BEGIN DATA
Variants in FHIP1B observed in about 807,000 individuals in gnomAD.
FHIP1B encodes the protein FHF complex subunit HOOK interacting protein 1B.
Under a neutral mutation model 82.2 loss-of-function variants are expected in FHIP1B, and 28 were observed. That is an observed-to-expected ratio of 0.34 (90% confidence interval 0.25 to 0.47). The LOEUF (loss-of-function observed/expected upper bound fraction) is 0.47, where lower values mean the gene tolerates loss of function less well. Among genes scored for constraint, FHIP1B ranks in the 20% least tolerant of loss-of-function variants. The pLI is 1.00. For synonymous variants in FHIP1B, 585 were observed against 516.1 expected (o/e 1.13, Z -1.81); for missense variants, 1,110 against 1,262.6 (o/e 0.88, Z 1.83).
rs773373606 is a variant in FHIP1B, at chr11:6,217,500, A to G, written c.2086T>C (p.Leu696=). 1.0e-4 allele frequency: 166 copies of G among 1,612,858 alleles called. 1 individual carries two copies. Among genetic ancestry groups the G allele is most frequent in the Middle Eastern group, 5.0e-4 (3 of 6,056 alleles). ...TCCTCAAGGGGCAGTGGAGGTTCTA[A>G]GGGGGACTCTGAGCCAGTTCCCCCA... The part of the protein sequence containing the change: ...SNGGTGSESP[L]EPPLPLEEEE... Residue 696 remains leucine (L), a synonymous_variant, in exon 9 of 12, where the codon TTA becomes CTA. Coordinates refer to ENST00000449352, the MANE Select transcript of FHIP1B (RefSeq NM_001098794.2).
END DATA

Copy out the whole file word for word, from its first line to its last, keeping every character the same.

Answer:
Variants in FHIP1B observed in about 807,000 individuals in gnomAD.
FHIP1B encodes the protein FHF complex subunit HOOK interacting protein 1B.
Under a neutral mutation model 82.2 loss-of-function variants are expected in FHIP1B, and 28 were observed. That is an observed-to-expected ratio of 0.34 (90% confidence interval 0.25 to 0.47). The LOEUF (loss-of-function observed/expected upper bound fraction) is 0.47, where lower values mean the gene tolerates loss of function less well. Among genes scored for constraint, FHIP1B ranks in the 20% least tolerant of loss-of-function variants. The pLI is 1.00. For synonymous variants in FHIP1B, 585 were observed against 516.1 expected (o/e 1.13, Z -1.81); for missense variants, 1,110 against 1,262.6 (o/e 0.88, Z 1.83).
rs773373606 is a variant in FHIP1B, at chr11:6,217,500, A to G, written c.2086T>C (p.Leu696=). 1.0e-4 allele frequency: 166 copies of G among 1,612,858 alleles called. 1 individual carries two copies. Among genetic ancestry groups the G allele is most frequent in the Middle Eastern group, 5.0e-4 (3 of 6,056 alleles). ...TCCTCAAGGGGCAGTGGAGGTTCTA[A>G]GGGGGACTCTGAGCCAGTTCCCCCA... The part of the protein sequence containing the change: ...SNGGTGSESP[L]EPPLPLEEEE... Residue 696 remains leucine (L), a synonymous_variant, in exon 9 of 12, where the codon TTA becomes CTA. Coordinates refer to ENST00000449352, the MANE Select transcript of FHIP1B (RefSeq NM_001098794.2).